(Tamil Heritage Trust)
Appreciation of Amaravathi’s Nalagiri Composition
at 5.30pm on Saturday, November 1st, 2014
at Vinoba Hall, Thakkar Bapa Vidyalaya, T Nagar.
About the topic:
Amaravathi, close to Vijayawada, was an important Buddhist place. A stupa was built here during the Asoka period in 2nd century CE. After the decline of Buddhism, the stupa was in disuse. Recovered in abandoned and vandalised condition in the 19th century, the precious sculptures in it are now housed in various museums in India and abroad.
Patronized by the Satavahanas and the Ikshvakus, the Amaravati art heralds classicism in Indian art to be followed by the Imperial Guptas. Excelling in compositional technique, we see here for the first time in relief modelling lighter and deeper etching, differentiated planes, perspective and distance and foreshortening.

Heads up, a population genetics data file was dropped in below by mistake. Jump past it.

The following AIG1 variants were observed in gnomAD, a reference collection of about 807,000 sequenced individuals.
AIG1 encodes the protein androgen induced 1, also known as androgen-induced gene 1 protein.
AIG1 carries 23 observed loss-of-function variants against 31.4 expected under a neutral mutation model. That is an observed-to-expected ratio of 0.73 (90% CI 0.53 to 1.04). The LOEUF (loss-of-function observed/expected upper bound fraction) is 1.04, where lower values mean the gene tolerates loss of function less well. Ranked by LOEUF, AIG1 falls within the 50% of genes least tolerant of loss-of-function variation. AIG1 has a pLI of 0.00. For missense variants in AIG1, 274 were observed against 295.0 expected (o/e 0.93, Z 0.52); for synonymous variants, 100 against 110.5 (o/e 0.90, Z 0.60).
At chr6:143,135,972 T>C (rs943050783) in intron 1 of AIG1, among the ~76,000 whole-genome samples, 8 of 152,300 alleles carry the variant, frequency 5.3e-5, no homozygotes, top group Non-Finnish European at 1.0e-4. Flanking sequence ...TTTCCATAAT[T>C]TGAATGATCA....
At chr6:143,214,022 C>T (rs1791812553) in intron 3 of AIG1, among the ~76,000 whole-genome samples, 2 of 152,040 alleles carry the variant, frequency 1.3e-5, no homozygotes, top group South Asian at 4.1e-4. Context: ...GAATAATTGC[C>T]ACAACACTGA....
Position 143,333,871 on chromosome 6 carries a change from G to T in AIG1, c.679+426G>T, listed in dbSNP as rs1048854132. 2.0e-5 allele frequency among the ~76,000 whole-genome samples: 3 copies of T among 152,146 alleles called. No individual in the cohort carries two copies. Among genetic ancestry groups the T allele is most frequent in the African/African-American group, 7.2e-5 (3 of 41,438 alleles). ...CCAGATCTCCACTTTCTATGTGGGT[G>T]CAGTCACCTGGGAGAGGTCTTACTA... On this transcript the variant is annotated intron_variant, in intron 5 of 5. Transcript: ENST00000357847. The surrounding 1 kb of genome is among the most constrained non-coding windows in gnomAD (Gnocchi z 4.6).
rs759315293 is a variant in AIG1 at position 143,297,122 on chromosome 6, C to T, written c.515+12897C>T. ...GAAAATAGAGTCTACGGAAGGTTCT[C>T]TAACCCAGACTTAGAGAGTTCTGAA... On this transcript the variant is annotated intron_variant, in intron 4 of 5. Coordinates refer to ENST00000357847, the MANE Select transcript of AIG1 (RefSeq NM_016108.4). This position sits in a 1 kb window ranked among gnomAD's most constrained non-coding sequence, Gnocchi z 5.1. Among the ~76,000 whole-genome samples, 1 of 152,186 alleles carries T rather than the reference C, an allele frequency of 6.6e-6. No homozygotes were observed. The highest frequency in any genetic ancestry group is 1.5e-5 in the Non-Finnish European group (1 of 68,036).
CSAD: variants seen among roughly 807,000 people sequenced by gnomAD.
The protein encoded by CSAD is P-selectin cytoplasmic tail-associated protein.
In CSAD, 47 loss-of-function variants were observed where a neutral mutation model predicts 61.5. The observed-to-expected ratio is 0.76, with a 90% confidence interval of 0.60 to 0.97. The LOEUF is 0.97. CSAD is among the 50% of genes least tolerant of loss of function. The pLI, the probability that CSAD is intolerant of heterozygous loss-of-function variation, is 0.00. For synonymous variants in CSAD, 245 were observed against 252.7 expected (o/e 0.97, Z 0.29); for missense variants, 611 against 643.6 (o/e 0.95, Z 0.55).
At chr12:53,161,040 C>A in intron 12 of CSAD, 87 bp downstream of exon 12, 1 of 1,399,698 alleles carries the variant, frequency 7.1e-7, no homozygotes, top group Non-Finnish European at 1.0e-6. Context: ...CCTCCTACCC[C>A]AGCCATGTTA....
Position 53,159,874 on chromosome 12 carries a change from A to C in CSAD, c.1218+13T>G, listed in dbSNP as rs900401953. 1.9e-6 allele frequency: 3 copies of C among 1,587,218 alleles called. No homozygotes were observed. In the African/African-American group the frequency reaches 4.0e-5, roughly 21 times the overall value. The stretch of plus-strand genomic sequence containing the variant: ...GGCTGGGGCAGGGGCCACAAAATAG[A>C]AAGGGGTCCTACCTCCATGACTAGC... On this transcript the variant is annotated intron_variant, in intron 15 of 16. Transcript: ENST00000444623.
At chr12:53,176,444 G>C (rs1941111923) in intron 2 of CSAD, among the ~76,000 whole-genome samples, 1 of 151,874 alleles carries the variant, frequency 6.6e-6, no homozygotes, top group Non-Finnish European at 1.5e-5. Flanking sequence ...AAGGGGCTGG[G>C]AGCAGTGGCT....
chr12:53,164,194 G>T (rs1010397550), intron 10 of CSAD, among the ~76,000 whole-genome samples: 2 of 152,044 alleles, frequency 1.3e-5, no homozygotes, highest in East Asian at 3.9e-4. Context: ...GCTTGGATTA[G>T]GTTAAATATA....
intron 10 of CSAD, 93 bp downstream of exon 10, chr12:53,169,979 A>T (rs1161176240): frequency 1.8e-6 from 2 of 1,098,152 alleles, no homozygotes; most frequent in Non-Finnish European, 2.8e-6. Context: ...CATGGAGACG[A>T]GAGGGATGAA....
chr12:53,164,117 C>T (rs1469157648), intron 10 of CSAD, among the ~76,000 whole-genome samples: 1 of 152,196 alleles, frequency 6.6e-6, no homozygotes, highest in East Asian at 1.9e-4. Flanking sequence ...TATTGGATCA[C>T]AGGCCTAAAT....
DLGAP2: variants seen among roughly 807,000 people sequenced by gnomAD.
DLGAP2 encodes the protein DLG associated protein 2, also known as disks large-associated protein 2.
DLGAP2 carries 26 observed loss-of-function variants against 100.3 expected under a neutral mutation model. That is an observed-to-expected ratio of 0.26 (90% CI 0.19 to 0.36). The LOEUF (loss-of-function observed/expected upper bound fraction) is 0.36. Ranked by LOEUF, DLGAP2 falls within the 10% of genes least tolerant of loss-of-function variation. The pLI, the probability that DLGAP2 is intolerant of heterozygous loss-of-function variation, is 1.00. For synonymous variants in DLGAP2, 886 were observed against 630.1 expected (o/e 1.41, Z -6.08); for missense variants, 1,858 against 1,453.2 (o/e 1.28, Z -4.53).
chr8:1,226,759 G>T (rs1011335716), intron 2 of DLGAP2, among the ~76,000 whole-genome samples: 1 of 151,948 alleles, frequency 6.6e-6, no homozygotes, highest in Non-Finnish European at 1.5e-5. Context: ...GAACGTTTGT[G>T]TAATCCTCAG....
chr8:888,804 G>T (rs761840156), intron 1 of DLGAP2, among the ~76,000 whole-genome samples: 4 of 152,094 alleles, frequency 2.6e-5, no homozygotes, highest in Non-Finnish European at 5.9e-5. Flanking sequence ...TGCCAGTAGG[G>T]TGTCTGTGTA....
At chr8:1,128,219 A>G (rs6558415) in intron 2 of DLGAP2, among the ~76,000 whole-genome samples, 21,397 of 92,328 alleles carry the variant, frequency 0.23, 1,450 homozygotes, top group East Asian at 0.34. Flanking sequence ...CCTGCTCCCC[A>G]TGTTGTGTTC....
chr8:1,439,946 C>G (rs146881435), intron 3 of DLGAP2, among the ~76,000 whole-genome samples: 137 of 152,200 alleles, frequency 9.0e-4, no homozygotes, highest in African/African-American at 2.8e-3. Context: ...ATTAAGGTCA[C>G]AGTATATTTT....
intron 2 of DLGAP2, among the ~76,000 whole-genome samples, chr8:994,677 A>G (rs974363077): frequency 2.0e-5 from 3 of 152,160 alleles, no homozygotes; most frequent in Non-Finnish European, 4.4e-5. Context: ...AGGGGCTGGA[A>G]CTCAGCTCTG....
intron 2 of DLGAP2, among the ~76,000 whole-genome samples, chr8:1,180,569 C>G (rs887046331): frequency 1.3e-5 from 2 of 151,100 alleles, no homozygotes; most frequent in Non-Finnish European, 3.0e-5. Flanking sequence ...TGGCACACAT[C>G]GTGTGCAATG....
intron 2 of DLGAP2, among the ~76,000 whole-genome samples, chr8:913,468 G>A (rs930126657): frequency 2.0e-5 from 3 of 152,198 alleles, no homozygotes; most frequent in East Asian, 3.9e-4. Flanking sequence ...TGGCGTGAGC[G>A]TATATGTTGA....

Nalagiri panel that narrates taming of a rogue elephant by the Buddha exhibited in the Government Museum in Chennai, is one among the celebrated bas-relief medallions and would be taken for detailed discussion by the speaker.
About the Speaker:
G. Chandrasekaran, better known as Chandru in the art world, a product of Government College of Fine Arts, Chennai, was the Principal of the same college. A multi-faceted artist, Chandru is equally good at painting, sculpture, fresco work, industrial design, and is adept at handling a variety of mediums-acrylic, graphite, rock, mud, water colours… A few twigs, a matchbox, some thread and sundry waste can kindle his creativity and result in an artifact in a few minutes.
A. Annamalai: Gandhi Study Centre - firstname.lastname@example.org;
Badri Seshadri - Kizhakku-p-padippakam - email@example.com; 98840-66566
S. Kannan - firstname.lastname@example.org; 98414-47974
S. Swaminathan - email@example.com; 2467 1501
R. Gopu - firstname.lastname@example.org, 98417-24641
T. Sivasubramanian - email@example.com, 98842-94494